The Cowichan Tzinquaw Dancers open the first-ever t’uxusthumpsh Vancouver Island Indigenous Language Symposium at the Port Theatre in Nanaimo. The event pulled language teachers, elders, youths and school staff from across the Island together to discuss language revitalization. TAMARA CUNNINGHAM/News Bulletin

Revitalizing indigenous language at heart of Island symposium

About 100 people from across Vancouver Island attended the event in Nanaimo this week

Hul’qumi’num-speaking people need to come together and talk about ideas to save the language and bring back fluency, according to Snuneymuxw elder Gary Manson, a panelist at the first-ever t’uxusthumpsh Vancouver Island Indigenous Language Symposium.

“Fluency is probably non-existent in my village now. There are maybe a handful of elders that can do it if they had somebody to speak to,” said Manson, who called himself a “very good basic teacher” but said he can’t speak fluently. “If you asked me to have a conversation with my sister beside me I wouldn’t be able to do it.”

About 100 language teachers, leaders, elders, youth and school staff from across Vancouver Island came together this week during the symposium at the Port Theatre to share their work, experiences and ideas about revitalization of indigenous languages.

The event was co-hosted by Nanaimo Ladysmith Public Schools, Cowichan Valley School District, Vancouver Island University and B.C. Ministry of Education.

“The response has been overwhelmingly positive that this is something people have been waiting for for a long time, just an opportunity to gather and share our experiences and what we’re doing and to learn from each other,” said Anne Tenning, Nanaimo school district principal of aboriginal education.

There are 34 indigenous languages in B.C. and according to the First People’s Cultural Council, it’s safe to say all are critically endangered. It found, in 2014, there were fewer than 6,000 fluent speakers of indigenous languages.

RELATED: Class work one way to preserve indigenous language

The province announced a $50-million investment this year to help save indigenous languages, and at the symposium, Anne Hill, Ministry of Education indigenous languages coordinator, said the premier has given the minister a mandate to support language revitalization with an expectation that course offerings will be developed in aboriginal languages for the K-12 system.

It’s a “very big mandate” and one that signals the importance of indigenous language learning and work, Hill said, adding like many people at the symposium, the ministry is asking what it can do and how it can support.

“We want to walk alongside you in this journey to revitalize indigenous languages and we’re especially looking to initiatives on trying to work with you and with others on things like the development of a policy to support indigenous language learning separate from French education, on curriculum for kindergarten to Grade 12 learning for indigenous language and on the development of resources,” she said.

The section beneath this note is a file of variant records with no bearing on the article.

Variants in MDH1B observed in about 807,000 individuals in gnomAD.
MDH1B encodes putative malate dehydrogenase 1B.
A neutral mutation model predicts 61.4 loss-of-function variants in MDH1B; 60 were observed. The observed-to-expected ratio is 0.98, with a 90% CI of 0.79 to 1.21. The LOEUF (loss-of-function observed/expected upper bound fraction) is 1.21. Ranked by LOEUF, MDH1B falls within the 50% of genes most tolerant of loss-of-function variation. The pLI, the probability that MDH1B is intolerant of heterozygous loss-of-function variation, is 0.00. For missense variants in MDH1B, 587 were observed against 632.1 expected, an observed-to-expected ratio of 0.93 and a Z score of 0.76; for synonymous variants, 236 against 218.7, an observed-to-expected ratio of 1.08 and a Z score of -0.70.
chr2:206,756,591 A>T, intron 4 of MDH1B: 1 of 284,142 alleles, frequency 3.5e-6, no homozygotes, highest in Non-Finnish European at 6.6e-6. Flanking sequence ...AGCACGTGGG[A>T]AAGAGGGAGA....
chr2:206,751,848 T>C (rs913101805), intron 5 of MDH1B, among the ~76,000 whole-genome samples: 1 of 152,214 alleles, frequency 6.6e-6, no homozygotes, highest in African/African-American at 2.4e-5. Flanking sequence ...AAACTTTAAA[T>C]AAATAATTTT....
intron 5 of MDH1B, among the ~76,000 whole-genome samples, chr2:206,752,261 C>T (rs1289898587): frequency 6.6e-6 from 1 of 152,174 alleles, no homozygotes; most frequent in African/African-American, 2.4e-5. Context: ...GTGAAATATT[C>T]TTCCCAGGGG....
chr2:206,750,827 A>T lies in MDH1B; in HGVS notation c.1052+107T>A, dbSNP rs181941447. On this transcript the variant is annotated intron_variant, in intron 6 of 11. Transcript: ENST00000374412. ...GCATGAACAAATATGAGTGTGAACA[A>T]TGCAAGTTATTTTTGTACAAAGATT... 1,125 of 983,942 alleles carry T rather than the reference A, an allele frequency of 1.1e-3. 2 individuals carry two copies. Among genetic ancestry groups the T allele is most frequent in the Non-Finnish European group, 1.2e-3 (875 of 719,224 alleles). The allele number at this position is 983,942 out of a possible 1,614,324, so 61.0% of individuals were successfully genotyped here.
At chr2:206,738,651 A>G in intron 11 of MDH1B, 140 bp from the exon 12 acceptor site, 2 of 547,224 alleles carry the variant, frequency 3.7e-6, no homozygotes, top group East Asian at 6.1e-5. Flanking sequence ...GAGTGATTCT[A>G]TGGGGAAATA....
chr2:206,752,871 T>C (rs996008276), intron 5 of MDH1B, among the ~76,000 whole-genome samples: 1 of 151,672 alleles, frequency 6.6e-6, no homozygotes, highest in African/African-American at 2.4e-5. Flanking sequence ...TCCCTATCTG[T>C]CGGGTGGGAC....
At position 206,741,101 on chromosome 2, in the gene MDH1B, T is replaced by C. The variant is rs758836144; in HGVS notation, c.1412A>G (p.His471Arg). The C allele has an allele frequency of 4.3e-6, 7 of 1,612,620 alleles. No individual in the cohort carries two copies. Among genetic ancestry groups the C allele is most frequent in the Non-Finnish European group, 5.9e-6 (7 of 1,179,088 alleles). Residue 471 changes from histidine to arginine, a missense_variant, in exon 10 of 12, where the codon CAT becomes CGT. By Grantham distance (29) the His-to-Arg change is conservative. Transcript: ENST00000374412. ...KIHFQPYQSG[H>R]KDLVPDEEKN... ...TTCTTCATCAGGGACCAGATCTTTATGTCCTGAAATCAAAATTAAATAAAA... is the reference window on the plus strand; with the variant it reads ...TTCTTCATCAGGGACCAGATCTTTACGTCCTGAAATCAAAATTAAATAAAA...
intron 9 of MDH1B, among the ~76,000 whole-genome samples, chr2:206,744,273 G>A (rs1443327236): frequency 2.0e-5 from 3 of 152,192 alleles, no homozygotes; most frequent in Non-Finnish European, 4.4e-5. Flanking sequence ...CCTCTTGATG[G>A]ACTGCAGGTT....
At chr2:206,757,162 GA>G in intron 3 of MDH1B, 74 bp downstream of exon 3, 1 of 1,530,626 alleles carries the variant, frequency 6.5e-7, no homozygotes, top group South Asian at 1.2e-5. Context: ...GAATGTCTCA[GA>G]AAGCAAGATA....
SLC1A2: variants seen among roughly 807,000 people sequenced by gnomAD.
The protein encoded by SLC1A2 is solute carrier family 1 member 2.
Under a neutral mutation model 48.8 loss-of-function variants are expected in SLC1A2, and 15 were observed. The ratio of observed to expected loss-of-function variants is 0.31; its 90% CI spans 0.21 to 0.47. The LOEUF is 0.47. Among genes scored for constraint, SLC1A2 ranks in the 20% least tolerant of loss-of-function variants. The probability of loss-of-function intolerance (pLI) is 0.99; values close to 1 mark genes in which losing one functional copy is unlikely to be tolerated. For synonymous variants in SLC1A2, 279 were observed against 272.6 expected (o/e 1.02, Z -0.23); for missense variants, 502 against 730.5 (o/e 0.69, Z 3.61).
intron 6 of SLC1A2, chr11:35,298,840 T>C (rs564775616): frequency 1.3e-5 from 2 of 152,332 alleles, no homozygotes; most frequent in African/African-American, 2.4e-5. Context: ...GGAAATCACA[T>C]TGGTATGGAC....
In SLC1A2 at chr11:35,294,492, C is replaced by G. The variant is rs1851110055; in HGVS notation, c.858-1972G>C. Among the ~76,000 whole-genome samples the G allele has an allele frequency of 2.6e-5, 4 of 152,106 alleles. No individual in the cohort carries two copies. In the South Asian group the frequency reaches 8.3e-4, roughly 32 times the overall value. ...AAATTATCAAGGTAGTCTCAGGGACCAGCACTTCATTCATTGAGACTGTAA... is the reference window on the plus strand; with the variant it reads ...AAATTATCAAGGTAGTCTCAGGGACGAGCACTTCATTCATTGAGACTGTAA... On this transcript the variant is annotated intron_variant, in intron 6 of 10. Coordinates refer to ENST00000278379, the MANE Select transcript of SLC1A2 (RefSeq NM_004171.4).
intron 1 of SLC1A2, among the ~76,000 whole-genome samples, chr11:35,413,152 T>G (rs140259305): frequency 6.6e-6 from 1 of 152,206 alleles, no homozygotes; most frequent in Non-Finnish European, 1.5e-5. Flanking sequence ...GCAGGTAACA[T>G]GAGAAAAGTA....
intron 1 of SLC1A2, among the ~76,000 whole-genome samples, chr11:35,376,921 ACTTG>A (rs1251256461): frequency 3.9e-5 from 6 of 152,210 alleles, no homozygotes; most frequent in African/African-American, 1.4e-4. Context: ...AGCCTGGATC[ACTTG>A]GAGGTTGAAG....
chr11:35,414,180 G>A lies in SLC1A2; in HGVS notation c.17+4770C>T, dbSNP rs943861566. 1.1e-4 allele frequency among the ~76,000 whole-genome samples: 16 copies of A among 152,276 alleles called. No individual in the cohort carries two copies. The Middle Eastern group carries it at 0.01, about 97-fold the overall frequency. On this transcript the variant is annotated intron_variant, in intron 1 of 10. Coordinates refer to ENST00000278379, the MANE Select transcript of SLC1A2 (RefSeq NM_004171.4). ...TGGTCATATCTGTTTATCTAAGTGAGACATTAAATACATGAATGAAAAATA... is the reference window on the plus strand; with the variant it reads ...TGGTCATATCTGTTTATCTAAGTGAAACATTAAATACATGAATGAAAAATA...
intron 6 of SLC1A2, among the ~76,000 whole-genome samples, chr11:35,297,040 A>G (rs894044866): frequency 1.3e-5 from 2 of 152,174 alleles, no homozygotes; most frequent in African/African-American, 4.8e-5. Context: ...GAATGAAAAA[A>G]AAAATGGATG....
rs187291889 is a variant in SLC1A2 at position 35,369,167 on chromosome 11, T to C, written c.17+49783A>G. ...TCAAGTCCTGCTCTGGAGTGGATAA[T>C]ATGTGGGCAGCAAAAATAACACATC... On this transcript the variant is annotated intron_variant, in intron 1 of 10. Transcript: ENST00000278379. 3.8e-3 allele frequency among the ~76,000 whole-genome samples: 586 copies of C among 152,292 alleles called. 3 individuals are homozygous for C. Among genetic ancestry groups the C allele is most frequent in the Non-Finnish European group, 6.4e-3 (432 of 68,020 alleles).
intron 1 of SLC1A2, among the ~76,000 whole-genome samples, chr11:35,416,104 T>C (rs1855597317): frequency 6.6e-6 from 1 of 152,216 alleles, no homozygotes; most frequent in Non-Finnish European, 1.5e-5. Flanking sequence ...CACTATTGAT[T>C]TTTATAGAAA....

School staff shared what they’re doing around language at the event.

School District 85, for example, has new Kwak’wala language and culture camps for kids and hopes to add more each year, Qualicum School District has run a Hul’qumi’num pilot program in schools for the last three years and Tsawout First Nation’s tribal school has a language nest, or immersion program for SENCOTEN.

Rosie McLeod-Shannon, principal of aboriginal education in the Qualicum School District, said the symposium gets other districts on board and seeing the importance of language and culture in schools.

David Underwood with the Tsawout First Nation called the symposium a bridge in communication about revitalization efforts on the Island.

“This gives us a chance to connect with one another,” he said. “It’s good that it’s finally happening.”

In Nanaimo Ladysmith Public Schools, Hul’qumi’num is taught in more than two dozen schools.

A take-home message from the event for Tenning is that “we need to be bold in doing this work, we need to know that we’re doing the right thing and not be limited by some of the structures and processes within our institutions or our districts,” she said.

“When I heard Florence James [a panelist] say our language now, it’s like gold, in fact it’s more than gold,” she said. “You can’t put a value on it anymore because there’s so few fluent speakers left that it really is now or never.”

She said there’s a sense of urgency to continue work in language revitalization but also a necessity to be humble and mindful about what’s being done and support and uphold culture and language teachers, fluent speakers and elders, but not overtax them because they are in such demand.

The language symposium is expected to happen again but Tenning says it’s a good idea and would speak to collective work and energies if it’s moved into other communities.

There are so many distinct language groups and there’s much to learn from each other, she said.



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